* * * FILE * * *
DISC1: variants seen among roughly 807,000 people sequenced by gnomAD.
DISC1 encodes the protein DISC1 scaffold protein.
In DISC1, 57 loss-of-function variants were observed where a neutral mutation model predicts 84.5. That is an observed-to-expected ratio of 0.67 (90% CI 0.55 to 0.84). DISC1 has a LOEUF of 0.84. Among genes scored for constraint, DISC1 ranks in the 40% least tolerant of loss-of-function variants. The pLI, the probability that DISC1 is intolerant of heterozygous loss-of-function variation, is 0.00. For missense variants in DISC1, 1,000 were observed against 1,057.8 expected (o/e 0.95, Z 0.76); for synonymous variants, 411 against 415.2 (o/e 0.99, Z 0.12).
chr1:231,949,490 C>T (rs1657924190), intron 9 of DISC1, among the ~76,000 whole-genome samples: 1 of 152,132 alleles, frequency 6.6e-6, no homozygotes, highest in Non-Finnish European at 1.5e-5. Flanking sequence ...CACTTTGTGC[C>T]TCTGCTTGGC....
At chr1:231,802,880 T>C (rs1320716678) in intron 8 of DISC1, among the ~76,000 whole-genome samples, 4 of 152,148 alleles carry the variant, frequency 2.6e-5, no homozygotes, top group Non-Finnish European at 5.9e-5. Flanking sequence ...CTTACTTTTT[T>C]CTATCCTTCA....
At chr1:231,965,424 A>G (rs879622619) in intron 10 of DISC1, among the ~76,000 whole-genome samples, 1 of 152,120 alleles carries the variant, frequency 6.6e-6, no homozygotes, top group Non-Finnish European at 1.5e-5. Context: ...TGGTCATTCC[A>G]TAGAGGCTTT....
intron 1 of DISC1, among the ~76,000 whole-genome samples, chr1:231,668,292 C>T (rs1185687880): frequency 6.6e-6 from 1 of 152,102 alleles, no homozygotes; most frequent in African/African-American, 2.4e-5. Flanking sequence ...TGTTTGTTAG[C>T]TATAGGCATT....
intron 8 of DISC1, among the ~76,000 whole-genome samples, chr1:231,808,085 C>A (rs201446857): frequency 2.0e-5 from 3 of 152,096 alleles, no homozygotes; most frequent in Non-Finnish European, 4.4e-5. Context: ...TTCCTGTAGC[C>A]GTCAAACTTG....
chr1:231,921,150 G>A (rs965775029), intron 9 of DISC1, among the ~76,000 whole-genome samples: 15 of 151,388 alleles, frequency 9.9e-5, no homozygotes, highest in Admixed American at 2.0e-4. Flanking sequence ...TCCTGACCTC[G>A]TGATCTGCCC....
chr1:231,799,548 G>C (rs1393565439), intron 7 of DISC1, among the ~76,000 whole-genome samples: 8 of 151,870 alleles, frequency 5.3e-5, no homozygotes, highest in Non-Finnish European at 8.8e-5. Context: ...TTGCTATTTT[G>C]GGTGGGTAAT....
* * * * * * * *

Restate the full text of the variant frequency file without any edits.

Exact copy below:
DISC1: variants seen among roughly 807,000 people sequenced by gnomAD.
DISC1 encodes the protein DISC1 scaffold protein.
In DISC1, 57 loss-of-function variants were observed where a neutral mutation model predicts 84.5. That is an observed-to-expected ratio of 0.67 (90% CI 0.55 to 0.84). DISC1 has a LOEUF of 0.84. Among genes scored for constraint, DISC1 ranks in the 40% least tolerant of loss-of-function variants. The pLI, the probability that DISC1 is intolerant of heterozygous loss-of-function variation, is 0.00. For missense variants in DISC1, 1,000 were observed against 1,057.8 expected (o/e 0.95, Z 0.76); for synonymous variants, 411 against 415.2 (o/e 0.99, Z 0.12).
chr1:231,949,490 C>T (rs1657924190), intron 9 of DISC1, among the ~76,000 whole-genome samples: 1 of 152,132 alleles, frequency 6.6e-6, no homozygotes, highest in Non-Finnish European at 1.5e-5. Flanking sequence ...CACTTTGTGC[C>T]TCTGCTTGGC....
At chr1:231,802,880 T>C (rs1320716678) in intron 8 of DISC1, among the ~76,000 whole-genome samples, 4 of 152,148 alleles carry the variant, frequency 2.6e-5, no homozygotes, top group Non-Finnish European at 5.9e-5. Flanking sequence ...CTTACTTTTT[T>C]CTATCCTTCA....
At chr1:231,965,424 A>G (rs879622619) in intron 10 of DISC1, among the ~76,000 whole-genome samples, 1 of 152,120 alleles carries the variant, frequency 6.6e-6, no homozygotes, top group Non-Finnish European at 1.5e-5. Context: ...TGGTCATTCC[A>G]TAGAGGCTTT....
intron 1 of DISC1, among the ~76,000 whole-genome samples, chr1:231,668,292 C>T (rs1185687880): frequency 6.6e-6 from 1 of 152,102 alleles, no homozygotes; most frequent in African/African-American, 2.4e-5. Flanking sequence ...TGTTTGTTAG[C>T]TATAGGCATT....
intron 8 of DISC1, among the ~76,000 whole-genome samples, chr1:231,808,085 C>A (rs201446857): frequency 2.0e-5 from 3 of 152,096 alleles, no homozygotes; most frequent in Non-Finnish European, 4.4e-5. Context: ...TTCCTGTAGC[C>A]GTCAAACTTG....
chr1:231,921,150 G>A (rs965775029), intron 9 of DISC1, among the ~76,000 whole-genome samples: 15 of 151,388 alleles, frequency 9.9e-5, no homozygotes, highest in Admixed American at 2.0e-4. Flanking sequence ...TCCTGACCTC[G>A]TGATCTGCCC....
chr1:231,799,548 G>C (rs1393565439), intron 7 of DISC1, among the ~76,000 whole-genome samples: 8 of 151,870 alleles, frequency 5.3e-5, no homozygotes, highest in Non-Finnish European at 8.8e-5. Context: ...TTGCTATTTT[G>C]GGTGGGTAAT....